How to Write a Eulogy
The writing and reading of a eulogy is, above all, the simple and elegant search for small truths. This can be surprisingly hard, to take notice of the smallest, most unpolished details of a life and set them up for us to stare at in the wonder of recognition.
Tom Chiarella, "How to Give a Eulogy"
How do you begin writing a eulogy? Carol DeChant, editor of the book Great American Catholic Eulogies, tells her readers, "Obituaries are usually mini-biographies, focused on what a person did, but the eulogy is much deeper, more about who the person was...It's meant for the select group of people who knew and cared for that person, or who care for the survivors."
Christina Ianzito, in "How to Write a Eulogy," offers these suggestions; many of them come from Garry Schaeffer's book, A Labor of Love: How to Write a Eulogy:
Outline the eulogy: In addition to helping you stay focused, an outline will keep your eulogy organized and effectively break down the task of writing into manageable pieces.
Ask for the input of other family members and friends. They may be able to provide you with some great stories to share.
Always try to share examples of the statements you make about your loved one. If you want to say, "she was generous with her time," tell a story that supports the statement.
Do not focus too much on yourself. After all, this isn't a eulogy for you; keep your writing focused on your loved one. You may even want to ask others to read your first draft to make sure the focus is in the right place.
Go for the humor. Shared laughter is a very healing experience so don't be afraid to make people laugh.
Write the first draft. Don't fuss over every word; just get your ideas on paper.
Put it aside for a while. This has, no doubt, been an emotional experience. Take some time away from the writing desk to get perspective and release stress or sorrow.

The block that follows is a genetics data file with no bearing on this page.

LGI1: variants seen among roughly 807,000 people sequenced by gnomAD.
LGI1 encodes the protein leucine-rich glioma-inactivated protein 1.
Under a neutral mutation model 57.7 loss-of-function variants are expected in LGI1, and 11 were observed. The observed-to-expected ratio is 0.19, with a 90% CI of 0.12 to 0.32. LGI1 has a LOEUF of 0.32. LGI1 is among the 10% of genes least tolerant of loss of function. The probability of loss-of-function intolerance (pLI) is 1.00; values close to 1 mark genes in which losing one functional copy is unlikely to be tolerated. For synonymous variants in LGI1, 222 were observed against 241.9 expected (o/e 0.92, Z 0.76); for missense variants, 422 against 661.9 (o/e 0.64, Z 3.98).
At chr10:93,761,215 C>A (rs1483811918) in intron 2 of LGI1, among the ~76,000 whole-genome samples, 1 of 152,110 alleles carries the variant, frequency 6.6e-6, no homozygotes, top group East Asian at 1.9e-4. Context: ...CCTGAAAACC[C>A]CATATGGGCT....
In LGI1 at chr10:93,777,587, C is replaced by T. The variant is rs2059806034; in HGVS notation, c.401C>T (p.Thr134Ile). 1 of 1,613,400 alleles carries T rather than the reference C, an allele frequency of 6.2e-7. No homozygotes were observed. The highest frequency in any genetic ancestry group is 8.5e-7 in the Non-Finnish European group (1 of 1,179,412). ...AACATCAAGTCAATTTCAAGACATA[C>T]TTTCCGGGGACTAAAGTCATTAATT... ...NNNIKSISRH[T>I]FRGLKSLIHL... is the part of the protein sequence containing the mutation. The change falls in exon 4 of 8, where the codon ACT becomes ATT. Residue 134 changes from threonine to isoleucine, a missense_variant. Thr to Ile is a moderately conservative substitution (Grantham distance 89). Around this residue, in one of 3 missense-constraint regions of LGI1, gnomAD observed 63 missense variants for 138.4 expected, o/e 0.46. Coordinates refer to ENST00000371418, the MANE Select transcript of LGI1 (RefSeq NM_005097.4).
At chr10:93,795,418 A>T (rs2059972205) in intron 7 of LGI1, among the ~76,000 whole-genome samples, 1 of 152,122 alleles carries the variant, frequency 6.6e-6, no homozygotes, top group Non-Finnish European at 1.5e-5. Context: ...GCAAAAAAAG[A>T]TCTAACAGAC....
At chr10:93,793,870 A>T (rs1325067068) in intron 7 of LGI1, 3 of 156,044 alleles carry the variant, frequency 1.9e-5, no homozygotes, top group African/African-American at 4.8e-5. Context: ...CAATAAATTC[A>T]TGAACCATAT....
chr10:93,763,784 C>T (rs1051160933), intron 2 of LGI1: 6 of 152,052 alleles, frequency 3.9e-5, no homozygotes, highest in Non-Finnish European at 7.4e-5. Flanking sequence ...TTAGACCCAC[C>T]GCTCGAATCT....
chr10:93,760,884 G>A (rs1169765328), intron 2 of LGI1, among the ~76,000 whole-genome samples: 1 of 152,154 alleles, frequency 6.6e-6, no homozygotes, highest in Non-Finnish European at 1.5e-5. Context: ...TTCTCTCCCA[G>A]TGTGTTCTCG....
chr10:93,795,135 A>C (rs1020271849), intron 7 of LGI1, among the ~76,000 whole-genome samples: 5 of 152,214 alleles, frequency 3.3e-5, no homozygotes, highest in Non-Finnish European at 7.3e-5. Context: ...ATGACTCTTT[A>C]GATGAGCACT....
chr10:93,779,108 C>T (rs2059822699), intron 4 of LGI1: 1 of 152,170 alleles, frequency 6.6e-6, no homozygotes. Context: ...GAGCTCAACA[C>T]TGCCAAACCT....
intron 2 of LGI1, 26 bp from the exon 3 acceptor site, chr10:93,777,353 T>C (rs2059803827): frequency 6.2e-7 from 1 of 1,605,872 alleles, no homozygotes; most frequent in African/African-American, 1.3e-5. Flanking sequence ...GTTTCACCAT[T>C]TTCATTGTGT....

Come back to edit and polish. This is the time to refine the eulogy into its final form.
Print a legible copy of the eulogy, in a large font, to assist in the delivery of your well-chosen words. There's nothing worse than not being able to read your handwriting when you're standing in front of a crowd of people.
Delivering a Eulogy
Unless you're a seasoned public speaker, delivering a eulogy can be a scary, emotionally-trying time. It is recommended that you:
Take your time with the delivery.
Take regular sips of water.
If you have any doubts about your ability to perform in front of an audience, consider appointing a back-up person to fill in for you. Or, you may ask someone else to take over the duty of reading the eulogy aloud on your behalf.
"Giving a eulogy is good for you. Period," says author, Tom Chiarella. "It may hurt to write it. And reading it? For some, that's the worst part. The world might spin a little, and everything familiar to you might fade for a few minutes. But remember, remind yourself as you stand there, you are the lucky one. And that's not because you aren't dead. You were selected. You get to stand, face the group, the family, the world, and add it up. You're being asked to do something at the very moment when nothing can be done. You get the last word in the attempt to define the outlines of a life."
Where to Find the Best Eulogies Online
All you need to do is search for "best eulogies" or simply "eulogies" on Google or YouTube. We have gathered a few for you here:
• "Best Eulogy Ever"
• "Funny and Wise Eulogy"
• "My Father: A Eulogy to a Good Man from the Greatest Generation"
• "10 Inspiring, Confusing, and Humorous Eulogies of the Famous"
We hope that the articles and video links above give you some inspiration in writing a eulogy for a family member or friend. Should you still find yourself in need of support, please give us a call at (440) 942-0700. We will be delighted to discuss other available resources.
Chiarella, Tom, "How to Give a Eulogy", Esquire, 2006.
Ianzito, Christina, "How to Write a Eulogy", AARP, 2013.